On March 7, 1999, Sidney Gottlieb, who over a period of some two decades oversaw much of the CIA’s research — and at times operations — involving “mind control” and poisons, died at the age of 80.
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Gottlieb, born on August 3, 1918 in New York, was raised in an Orthodox home by Jewish immigrants from Hungary. He attended City College in New York, Arkansas Polytechnic, and graduated with a bachelor’s degree in chemistry from the University of Wisconsin in 1940. He completed his doctorate in biochemistry at California Institute of Technology. During his studies in California, Gottlieb met Margaret Moore, the India-born daughter of Christian missionaries, whom he married in 1942.
Gottlieb, who was born with a clubfoot, was rejected for military service during World War II. In 1951, he was recruited by the CIA, where he was appointed head of the technical services staff of the chemical division. The period was one of extreme fear – almost paranoia – among U.S. officials, from the double threat of the Communist regimes in the Soviet Union and China. In particular, it was believed that both countries were developing methods of brainwashing or controlling the minds of human beings, a scenario depicted in the 1962 film “The Manchurian Candidate.”
Anxious to keep up, the CIA in 1953 initiated the “MK Ultra” program, with Gottlieb at its head, which over the next two decades undertook a total of 149 different studies intended to explore mind control. Subjects, who included prisoners, mental patients, and prostitutes and their customers, were exposed unwittingly to LSD, and observed for their reactions. CIA and armed service colleagues were also involuntarily subjected to acid, sometimes with lethal consequences. Gottlieb later acknowledged that he himself took LSD hundreds of times. He also told a Senate investigation after his retirement that none of the testing yielded practical results.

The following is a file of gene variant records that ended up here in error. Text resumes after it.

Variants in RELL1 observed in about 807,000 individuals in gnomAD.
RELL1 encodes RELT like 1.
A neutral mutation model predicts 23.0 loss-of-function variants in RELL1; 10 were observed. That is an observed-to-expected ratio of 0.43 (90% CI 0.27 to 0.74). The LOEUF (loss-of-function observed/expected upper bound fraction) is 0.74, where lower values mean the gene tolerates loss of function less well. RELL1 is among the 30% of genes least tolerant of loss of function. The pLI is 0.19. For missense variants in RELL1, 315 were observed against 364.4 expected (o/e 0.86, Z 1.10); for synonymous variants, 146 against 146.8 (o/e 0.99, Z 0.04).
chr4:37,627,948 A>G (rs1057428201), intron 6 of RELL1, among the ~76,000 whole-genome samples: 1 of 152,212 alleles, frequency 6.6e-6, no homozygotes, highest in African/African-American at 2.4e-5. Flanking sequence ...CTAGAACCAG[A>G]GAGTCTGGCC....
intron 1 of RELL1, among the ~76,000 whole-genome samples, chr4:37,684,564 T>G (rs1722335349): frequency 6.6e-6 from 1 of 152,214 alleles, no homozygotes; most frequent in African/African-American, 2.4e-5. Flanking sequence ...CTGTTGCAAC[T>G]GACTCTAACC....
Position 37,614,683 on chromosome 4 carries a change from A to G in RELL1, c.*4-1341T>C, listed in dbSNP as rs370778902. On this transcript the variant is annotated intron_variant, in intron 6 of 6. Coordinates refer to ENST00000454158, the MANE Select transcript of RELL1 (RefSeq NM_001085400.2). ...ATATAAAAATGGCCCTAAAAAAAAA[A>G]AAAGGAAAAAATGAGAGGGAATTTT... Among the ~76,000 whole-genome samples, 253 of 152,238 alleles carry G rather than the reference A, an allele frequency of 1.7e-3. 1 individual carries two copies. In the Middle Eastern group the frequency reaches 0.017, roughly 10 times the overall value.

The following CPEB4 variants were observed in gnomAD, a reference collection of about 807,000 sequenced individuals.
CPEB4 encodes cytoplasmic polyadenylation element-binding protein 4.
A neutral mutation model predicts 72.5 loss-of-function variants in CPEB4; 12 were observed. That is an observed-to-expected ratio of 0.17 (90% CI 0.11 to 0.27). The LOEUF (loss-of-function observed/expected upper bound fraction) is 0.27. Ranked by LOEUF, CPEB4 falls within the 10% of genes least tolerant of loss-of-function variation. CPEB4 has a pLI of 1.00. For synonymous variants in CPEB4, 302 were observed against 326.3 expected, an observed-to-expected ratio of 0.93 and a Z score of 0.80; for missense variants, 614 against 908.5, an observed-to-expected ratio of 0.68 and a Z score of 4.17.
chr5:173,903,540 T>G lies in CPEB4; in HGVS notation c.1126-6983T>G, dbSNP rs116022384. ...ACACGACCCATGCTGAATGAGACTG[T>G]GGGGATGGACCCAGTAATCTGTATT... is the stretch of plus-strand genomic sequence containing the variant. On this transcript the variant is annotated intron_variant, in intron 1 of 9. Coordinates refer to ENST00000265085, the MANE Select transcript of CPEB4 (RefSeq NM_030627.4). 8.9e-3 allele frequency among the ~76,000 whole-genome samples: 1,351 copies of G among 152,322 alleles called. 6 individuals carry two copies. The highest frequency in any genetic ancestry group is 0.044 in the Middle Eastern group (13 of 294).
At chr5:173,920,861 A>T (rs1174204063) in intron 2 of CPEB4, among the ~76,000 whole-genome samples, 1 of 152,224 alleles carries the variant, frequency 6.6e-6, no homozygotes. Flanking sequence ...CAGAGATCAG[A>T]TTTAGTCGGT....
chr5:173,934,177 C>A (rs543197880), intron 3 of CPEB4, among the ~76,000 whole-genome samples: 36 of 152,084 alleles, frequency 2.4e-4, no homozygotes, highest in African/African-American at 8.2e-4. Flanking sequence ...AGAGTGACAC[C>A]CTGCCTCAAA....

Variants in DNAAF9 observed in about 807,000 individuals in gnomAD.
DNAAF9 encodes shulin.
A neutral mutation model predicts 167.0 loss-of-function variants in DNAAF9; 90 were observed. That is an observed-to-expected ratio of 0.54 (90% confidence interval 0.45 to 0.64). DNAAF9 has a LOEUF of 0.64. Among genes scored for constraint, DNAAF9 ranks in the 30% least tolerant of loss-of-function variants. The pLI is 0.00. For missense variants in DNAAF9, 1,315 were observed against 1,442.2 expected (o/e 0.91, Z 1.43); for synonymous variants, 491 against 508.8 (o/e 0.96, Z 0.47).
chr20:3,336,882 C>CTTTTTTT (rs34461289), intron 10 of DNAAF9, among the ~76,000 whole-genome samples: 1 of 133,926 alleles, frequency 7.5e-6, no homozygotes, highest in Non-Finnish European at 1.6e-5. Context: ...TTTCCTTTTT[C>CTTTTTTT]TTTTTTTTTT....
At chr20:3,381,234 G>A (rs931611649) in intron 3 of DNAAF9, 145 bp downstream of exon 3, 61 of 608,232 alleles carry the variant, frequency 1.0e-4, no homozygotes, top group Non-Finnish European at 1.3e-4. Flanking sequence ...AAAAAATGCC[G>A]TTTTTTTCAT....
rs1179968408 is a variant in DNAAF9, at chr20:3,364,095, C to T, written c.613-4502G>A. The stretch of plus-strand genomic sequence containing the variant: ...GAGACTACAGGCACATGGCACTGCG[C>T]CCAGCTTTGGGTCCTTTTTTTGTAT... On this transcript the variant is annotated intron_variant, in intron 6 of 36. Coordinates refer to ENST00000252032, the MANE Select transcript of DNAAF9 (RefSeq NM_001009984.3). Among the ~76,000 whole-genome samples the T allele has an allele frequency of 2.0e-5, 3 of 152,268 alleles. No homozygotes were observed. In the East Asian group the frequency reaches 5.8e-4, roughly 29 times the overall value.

After President Dwight D. Eisenhower gave tacit approval, in March 1960 Gottlieb also got going on developing methods for surreptitiously assassinating Fidel Castro, head of the pro-Soviet regime dug in some 140 kilmometers off the coast of Florida. His brainstorms included a poisoned cigar, shoes infused with the highly toxic thallium, and a TV studio sprayed with LSD. The same year, Gottlieb concocted a blend of viruses to be injected into the toothpaste of Congo prime minister Patrice Lumumba, but by the time he delivered it personally to the CIA bureau in Kinshasa, the freedom fighter had already been deposed in a coup.
By the early 1970s, the CIA’s dirty tricks came under increasing press and congressional scrutiny, and in 1973 agency director Richard Helms gave the order to destroy most of the extant records of the MK Ultra program. A year earlier, however, Gottlieb had retired.
Shortly after he left the CIA, Gottlieb went to India, where for 18 months he managed a leper hospital. Later, back in Virginia, where he owned a 15-acre goat farm, he worked with dying people in a hospice, and tried to organize a commune. The man with the clubfoot also spent his time folk-dancing, and, having suffered his entire life from a bad stutter, also completed a master’s degree in speech therapy.
Gottlieb’s death, on this date in 1999, was from unspecified causes.